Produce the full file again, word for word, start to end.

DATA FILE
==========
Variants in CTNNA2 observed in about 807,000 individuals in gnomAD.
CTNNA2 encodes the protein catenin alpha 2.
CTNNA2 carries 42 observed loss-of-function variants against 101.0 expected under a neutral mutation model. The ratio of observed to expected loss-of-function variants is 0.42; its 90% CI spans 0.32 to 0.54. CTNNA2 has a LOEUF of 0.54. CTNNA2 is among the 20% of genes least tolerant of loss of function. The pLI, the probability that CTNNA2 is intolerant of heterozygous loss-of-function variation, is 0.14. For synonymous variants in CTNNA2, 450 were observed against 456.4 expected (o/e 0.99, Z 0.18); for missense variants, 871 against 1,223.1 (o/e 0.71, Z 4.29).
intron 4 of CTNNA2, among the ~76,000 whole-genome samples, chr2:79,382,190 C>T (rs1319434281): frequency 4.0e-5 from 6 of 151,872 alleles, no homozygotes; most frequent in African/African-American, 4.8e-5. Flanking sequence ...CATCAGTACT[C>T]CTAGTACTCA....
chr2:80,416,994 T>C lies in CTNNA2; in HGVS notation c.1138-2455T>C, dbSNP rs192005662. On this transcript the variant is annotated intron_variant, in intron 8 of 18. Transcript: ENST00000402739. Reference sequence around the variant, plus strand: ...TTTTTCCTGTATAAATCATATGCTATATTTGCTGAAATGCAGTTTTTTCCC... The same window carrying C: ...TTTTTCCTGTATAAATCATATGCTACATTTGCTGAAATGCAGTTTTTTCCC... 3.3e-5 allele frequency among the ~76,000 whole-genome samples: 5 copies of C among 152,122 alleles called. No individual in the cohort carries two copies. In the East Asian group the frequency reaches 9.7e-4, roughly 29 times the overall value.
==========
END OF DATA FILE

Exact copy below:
Variants in CTNNA2 observed in about 807,000 individuals in gnomAD.
CTNNA2 encodes the protein catenin alpha 2.
CTNNA2 carries 42 observed loss-of-function variants against 101.0 expected under a neutral mutation model. The ratio of observed to expected loss-of-function variants is 0.42; its 90% CI spans 0.32 to 0.54. CTNNA2 has a LOEUF of 0.54. CTNNA2 is among the 20% of genes least tolerant of loss of function. The pLI, the probability that CTNNA2 is intolerant of heterozygous loss-of-function variation, is 0.14. For synonymous variants in CTNNA2, 450 were observed against 456.4 expected (o/e 0.99, Z 0.18); for missense variants, 871 against 1,223.1 (o/e 0.71, Z 4.29).
intron 4 of CTNNA2, among the ~76,000 whole-genome samples, chr2:79,382,190 C>T (rs1319434281): frequency 4.0e-5 from 6 of 151,872 alleles, no homozygotes; most frequent in African/African-American, 4.8e-5. Flanking sequence ...CATCAGTACT[C>T]CTAGTACTCA....
chr2:80,416,994 T>C lies in CTNNA2; in HGVS notation c.1138-2455T>C, dbSNP rs192005662. On this transcript the variant is annotated intron_variant, in intron 8 of 18. Transcript: ENST00000402739. Reference sequence around the variant, plus strand: ...TTTTTCCTGTATAAATCATATGCTATATTTGCTGAAATGCAGTTTTTTCCC... The same window carrying C: ...TTTTTCCTGTATAAATCATATGCTACATTTGCTGAAATGCAGTTTTTTCCC... 3.3e-5 allele frequency among the ~76,000 whole-genome samples: 5 copies of C among 152,122 alleles called. No individual in the cohort carries two copies. In the East Asian group the frequency reaches 9.7e-4, roughly 29 times the overall value.